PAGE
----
The Bremen Tower and Passage
I am the Bremen Tower. I am not named after northern German city but named after a resident – who was also known as Bremer.
I was built at the beginning of the 15th century. I was four floors high and, which is common in my city – built with a horseshoe shaped base plan. My neighbour next to me, the Tower Behind the Monks, exists to this day. However, much further away, on the other side – is another preserved tower, the Tower Behind Hattorp. The Small Coastal Gate located by the old Russian church has been destroyed or demolished.
In the Middle Ages, I was also known as Bremen de Vange Konge! The two lower floors housed a prison, which used to be accessible from the second floor. The current entrance on the Vene Street side, was built much later. The prison room had no lighting, it had poor ventilation, a toilet and iron rings on the wall. The third and fourth floor had gun ports and fireplaces.
In the 16th century, I had a new owner, and I became known as the Kampferbeck Tower after my owner. The two lower floors were maintained as a prison until the 17th century, but they were later converted into a gunpowder warehouse. By the way, prisons have also been located across the street from me – in the buildings at Vene Street 23 and 25. I watched how the communist girl Villu Klementi escaped from that building, through the chimney, at the beginning of the Republic. She was captured immediately, because she was covered in soot which made her very noticeable.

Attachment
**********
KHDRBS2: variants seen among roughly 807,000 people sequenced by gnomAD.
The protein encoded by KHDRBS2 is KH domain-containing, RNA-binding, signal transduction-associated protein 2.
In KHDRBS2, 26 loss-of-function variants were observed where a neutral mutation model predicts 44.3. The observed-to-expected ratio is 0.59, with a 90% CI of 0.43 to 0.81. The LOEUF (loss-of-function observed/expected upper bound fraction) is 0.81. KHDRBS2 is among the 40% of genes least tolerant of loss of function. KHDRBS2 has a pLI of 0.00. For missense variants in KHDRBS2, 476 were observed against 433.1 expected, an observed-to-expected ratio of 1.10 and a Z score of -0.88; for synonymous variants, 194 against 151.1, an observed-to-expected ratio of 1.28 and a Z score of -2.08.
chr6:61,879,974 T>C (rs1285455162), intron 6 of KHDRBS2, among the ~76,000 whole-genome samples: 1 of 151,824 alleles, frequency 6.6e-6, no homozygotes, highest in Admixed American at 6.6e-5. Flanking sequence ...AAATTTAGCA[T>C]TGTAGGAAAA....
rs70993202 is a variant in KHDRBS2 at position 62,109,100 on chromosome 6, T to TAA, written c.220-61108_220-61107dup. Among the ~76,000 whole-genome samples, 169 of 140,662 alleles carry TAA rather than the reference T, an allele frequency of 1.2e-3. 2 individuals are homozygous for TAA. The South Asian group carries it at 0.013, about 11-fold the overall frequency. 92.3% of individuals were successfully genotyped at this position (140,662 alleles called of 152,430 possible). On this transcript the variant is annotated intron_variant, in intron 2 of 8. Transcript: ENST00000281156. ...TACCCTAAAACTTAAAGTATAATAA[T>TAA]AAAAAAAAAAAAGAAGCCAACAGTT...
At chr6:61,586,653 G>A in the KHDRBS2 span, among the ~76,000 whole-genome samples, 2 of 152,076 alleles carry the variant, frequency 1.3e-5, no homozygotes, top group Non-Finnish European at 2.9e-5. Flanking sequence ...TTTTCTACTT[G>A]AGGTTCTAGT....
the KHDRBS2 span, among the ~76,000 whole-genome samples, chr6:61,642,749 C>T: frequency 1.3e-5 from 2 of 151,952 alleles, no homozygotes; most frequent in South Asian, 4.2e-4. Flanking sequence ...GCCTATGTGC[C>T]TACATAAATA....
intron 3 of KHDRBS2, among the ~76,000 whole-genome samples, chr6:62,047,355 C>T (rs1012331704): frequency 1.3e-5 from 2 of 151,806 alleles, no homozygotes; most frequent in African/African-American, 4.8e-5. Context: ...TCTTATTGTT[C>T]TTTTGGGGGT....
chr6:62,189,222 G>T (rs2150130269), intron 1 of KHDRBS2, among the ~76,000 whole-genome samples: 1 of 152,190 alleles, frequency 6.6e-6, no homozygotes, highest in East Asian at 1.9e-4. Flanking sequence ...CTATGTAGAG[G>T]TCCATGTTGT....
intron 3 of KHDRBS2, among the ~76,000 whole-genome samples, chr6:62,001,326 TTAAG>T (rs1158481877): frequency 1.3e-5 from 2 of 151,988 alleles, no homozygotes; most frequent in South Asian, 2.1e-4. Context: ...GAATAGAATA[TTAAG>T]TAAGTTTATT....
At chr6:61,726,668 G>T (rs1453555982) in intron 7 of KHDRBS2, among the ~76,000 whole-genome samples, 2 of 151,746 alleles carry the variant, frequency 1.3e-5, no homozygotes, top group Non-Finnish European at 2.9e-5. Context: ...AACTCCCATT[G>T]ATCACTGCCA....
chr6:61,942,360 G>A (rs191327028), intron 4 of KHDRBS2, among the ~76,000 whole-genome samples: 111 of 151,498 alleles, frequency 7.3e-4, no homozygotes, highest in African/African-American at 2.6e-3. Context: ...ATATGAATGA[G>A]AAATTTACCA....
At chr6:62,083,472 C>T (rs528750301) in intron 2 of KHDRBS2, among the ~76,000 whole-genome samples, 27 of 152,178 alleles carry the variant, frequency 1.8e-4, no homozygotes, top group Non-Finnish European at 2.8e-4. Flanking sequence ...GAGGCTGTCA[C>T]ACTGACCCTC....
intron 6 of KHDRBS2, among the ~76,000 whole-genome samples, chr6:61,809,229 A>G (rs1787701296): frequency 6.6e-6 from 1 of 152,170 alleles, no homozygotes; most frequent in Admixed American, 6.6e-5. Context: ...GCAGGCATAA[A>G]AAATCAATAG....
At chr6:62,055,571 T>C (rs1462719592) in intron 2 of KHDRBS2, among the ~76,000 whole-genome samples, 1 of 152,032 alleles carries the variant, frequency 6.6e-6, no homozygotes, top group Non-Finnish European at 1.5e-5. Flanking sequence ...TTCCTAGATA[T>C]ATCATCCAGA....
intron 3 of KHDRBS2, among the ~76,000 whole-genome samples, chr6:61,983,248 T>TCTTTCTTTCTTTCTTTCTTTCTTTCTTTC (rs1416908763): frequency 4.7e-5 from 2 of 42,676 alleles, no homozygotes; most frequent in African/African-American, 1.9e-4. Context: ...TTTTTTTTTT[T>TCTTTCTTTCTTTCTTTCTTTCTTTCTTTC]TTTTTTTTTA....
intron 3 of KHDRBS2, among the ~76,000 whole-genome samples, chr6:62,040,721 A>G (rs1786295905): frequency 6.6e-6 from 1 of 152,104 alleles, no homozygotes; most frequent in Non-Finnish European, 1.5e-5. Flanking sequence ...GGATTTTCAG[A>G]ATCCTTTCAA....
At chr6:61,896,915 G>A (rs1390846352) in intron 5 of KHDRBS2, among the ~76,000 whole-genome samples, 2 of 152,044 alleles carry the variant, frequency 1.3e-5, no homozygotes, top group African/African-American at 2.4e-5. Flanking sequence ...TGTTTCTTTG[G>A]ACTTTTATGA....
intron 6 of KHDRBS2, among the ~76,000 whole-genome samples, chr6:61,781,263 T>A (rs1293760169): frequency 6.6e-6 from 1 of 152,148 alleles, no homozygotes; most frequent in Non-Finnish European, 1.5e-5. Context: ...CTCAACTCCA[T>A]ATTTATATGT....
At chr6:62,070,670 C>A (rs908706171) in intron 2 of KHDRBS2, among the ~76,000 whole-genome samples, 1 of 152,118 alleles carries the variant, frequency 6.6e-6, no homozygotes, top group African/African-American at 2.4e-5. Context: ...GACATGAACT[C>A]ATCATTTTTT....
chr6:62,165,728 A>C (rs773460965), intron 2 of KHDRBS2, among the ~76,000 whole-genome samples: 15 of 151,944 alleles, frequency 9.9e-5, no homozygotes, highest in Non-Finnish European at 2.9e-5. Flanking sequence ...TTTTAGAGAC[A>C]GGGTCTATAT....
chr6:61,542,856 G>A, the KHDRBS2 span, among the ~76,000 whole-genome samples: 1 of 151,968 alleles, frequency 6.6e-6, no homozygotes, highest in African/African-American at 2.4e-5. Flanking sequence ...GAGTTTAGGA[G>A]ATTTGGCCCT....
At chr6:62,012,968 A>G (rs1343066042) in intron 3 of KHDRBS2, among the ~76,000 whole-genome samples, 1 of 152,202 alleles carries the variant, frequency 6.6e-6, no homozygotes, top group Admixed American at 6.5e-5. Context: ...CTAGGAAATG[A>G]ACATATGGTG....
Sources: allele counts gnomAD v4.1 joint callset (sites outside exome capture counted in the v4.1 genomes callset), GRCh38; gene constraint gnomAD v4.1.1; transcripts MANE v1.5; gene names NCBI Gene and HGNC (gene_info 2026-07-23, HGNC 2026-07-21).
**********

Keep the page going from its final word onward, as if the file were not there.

Later, at the end of the 19th century, I went into the hands of the owner of the neighbouring property – Girard de Soucanton, the king of cement during the Czarist period. He started to use me as a warehouse. I was then joined to his living quarters, commonly known as Suka-Anton, as an expansion of his main building. It is right next to me and leads to the Bremen Passage. The passage connects Uus and Vene Streets. Over the years there have been bars, as well as restaurants located here.
During the war my exterior basement was hit and restored ten years later. Villem Raam and Rein Zobel, our art history gurus, believe that I have never had a roof and that the platform was used as a base for a catapult or stone thrower. Younger historians believe I had a roof. Currently, I am still able to speak without a head covering. I am also, currently, the last tower that the city has restored!